In short, the Court reasoned that "the rationale of Mercoid does not justify allowing a party to launch a collateral attack on a ruling in the first action, the effect of which would be to alter the judgment in that action."
Testimony of Inventor After Patent Issuance Is Not Relevant When Determining Compliance with § 112, ¶ 2
By Scott D. Paul
Equating the § 112, ¶ 2 requirement that the claims reflect "that which the applicant regards as his invention" with the definiteness requirement, the Federal Circuit has now held that it is inappropriate to consider testimony from the inventor obtained in the context of litigation in assessing whether a claim reflects that which applicant regards as his invention. Solomon v. Kimberly-Clark Corp., No. 00-1033 (Fed. Cir., June 30, 2000).
Solomon sued Kimberly-Clark (K-C), alleging that K-C’s product infringed Solomon’s U.S.Pat.No. 4,560,381 (the "'381 patent"). K-C moved for summary judgment of invalidity alleging that the patent was invalid under 35 U.S.C. § 102(f) because Solomon was not the true inventor of the claimed invention, and alternatively under 35 U.S.C. § 112, ¶ 2 because the '381 patent failed to claim the subject matter Ms. Solomon regarded as her invention. The lower court granted the motion on § 112, ¶2 based on Solomon’s deposition testimony as to the meaning of the claim term "depression" — testimony which was allegedly contrary to what was claimed in the patent — but found that K-C had not proven the claims invalid under § 102(f).
The Federal Circuit reversed, noting that § 112, ¶ 2 requires that claims are set forth that which "the applicant regards as his invention," and that they do so with sufficient "definiteness."
The Federal Circuit also noted that a § 112, ¶ 2 analysis differs depending upon whether it is done during prosecution or litigation. During patent prosecution, evidence beyond the patent specification may be used to determine a compliance with the statute; for example, an inventor’s statements to the Patent and Trademark Office may be considered. However, after a claim has issued, the evidence which may be considered is more limited. The Court looked to the well-settled rule regarding compliance with the "definiteness" portion of § 112, ¶ 2, noting that the inquiry is typically limited to how one skilled in the art would interpret the claims in view of the specification. The Court held that the same standard should apply to analyzing whether an issued patent claim complies with the "that which the applicant regards as his invention" portion of the statute. Therefore, the Court found that inventor testimony obtained in the context of litigation is not probative in assessing validity under § 112, ¶ 2.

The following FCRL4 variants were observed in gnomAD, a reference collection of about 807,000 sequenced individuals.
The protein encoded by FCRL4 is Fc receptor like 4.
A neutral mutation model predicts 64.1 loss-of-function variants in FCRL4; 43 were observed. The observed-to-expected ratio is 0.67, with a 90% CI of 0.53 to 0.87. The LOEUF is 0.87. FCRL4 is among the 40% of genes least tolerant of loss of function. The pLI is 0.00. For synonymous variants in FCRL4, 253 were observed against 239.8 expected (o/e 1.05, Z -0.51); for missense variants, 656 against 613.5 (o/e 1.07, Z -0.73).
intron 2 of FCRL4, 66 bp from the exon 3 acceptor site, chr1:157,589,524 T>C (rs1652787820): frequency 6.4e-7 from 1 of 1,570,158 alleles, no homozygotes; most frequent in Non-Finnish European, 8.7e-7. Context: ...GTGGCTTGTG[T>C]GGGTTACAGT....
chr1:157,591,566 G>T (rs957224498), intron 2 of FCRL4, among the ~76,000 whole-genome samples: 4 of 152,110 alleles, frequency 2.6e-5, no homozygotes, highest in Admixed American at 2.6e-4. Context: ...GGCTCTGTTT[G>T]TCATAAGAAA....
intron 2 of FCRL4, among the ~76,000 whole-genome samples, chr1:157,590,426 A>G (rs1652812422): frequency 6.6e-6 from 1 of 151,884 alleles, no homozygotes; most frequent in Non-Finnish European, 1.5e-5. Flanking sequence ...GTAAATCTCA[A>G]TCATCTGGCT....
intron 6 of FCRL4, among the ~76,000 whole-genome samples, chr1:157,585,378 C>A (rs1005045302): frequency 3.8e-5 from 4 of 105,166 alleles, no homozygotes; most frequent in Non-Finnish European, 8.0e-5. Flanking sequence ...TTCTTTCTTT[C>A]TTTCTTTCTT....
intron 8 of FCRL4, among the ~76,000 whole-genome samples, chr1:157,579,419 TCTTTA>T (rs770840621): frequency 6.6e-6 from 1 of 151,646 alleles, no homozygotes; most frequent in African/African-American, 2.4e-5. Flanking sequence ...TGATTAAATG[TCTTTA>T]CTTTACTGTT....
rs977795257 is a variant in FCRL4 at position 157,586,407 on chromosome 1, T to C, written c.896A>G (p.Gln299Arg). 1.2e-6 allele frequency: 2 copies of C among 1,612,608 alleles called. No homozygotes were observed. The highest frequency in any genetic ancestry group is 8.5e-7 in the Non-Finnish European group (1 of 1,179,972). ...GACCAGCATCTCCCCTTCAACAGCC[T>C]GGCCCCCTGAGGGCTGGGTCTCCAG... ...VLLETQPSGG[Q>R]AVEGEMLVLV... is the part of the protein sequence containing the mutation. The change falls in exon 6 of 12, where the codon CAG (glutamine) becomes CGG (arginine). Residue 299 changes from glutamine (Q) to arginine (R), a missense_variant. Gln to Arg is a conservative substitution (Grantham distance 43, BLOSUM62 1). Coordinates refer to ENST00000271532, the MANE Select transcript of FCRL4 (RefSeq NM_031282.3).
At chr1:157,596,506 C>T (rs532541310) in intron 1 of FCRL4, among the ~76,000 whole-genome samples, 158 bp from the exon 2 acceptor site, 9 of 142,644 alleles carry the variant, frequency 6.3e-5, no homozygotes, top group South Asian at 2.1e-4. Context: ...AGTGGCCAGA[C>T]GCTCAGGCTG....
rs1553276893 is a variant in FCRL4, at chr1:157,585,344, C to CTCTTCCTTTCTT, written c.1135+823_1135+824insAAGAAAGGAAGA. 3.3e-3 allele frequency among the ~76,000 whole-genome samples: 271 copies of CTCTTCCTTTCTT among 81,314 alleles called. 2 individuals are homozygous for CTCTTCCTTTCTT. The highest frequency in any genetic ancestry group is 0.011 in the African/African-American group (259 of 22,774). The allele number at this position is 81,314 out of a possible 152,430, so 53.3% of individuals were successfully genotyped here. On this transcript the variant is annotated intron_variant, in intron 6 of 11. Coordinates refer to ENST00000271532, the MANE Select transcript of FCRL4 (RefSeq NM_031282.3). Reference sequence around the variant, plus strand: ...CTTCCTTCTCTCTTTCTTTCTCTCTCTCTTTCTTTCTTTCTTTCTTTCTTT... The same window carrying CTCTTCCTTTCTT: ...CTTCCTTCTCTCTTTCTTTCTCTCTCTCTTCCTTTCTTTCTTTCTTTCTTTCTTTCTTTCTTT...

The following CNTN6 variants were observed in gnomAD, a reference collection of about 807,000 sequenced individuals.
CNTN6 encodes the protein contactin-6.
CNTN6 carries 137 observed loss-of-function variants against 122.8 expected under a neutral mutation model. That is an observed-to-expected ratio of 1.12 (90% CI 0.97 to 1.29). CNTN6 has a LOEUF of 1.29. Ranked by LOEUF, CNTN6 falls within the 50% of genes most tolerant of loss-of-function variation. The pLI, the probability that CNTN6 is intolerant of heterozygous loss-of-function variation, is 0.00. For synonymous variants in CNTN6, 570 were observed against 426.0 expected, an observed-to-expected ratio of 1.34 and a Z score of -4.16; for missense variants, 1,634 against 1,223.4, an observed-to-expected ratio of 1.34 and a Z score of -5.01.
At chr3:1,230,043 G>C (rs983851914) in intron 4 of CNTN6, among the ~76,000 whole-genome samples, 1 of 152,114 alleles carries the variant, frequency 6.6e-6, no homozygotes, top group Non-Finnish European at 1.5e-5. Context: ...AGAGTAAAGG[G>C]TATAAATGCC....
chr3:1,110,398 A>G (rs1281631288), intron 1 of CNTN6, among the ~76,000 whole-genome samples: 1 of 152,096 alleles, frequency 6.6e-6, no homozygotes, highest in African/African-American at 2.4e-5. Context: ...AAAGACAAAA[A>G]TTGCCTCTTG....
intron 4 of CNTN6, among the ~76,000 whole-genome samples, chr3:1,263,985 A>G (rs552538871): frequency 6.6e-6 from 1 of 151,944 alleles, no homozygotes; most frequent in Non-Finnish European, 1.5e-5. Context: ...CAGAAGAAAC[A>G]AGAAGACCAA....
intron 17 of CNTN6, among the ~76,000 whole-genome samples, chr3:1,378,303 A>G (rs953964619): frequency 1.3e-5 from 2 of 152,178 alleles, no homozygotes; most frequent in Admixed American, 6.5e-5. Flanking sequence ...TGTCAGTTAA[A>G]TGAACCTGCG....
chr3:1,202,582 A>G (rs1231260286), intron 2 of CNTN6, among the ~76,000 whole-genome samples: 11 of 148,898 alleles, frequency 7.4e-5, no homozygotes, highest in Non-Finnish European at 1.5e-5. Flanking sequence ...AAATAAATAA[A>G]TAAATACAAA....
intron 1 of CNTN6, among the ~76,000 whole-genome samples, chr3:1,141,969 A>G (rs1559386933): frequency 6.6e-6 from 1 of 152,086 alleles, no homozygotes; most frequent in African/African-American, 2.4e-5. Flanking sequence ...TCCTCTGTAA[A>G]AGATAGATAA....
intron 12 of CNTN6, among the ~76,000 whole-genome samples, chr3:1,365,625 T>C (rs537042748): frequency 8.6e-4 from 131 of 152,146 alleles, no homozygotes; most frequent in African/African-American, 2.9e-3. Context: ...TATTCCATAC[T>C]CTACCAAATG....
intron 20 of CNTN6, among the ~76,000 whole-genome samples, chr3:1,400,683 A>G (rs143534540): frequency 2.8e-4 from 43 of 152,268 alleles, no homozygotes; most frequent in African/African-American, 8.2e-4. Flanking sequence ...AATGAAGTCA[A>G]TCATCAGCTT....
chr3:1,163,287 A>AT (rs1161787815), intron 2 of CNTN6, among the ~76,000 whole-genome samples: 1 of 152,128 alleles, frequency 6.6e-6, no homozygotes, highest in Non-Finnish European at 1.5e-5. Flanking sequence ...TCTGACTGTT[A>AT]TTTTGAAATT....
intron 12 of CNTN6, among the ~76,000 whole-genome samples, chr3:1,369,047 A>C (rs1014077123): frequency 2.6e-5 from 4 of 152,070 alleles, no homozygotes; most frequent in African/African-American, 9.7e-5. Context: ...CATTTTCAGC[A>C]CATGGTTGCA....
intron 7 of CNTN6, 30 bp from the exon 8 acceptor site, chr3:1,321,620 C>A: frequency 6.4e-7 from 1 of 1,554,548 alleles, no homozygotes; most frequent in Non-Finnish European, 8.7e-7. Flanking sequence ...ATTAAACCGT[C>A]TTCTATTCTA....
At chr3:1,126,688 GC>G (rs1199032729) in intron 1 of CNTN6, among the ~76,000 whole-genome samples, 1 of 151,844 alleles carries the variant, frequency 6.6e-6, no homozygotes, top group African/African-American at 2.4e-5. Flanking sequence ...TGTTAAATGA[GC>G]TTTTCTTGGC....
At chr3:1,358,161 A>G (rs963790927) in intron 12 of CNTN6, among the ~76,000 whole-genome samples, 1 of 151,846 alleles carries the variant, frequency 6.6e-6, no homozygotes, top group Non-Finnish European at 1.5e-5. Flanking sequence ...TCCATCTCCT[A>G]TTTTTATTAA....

With regard to the § 102(f) issue, the Federal Circuit agreed with the district court that K-C failed to meet its burden. In particular, the Court found that K-C failed to provide clear and convincing evidence of a different inventor, and that despite some vague and inconsistent deposition testimony by Ms. Solomon, there was not sufficient evidence to justify a conclusion of invalidity. The Federal Circuit characterized as "misguided" K-C’s suggestion that Solomon’s patent attorney might be the true inventor, noting that a patent attorney performing his job of obtaining a valid patent with maximum coverage should not be a competitor of the client, i.e., by asserting inventorship, as a result of that representation.
USPTO Issues Examination Guidelines for 35 USC §112, ¶6 Claim Elements
By Dawn L. Palmer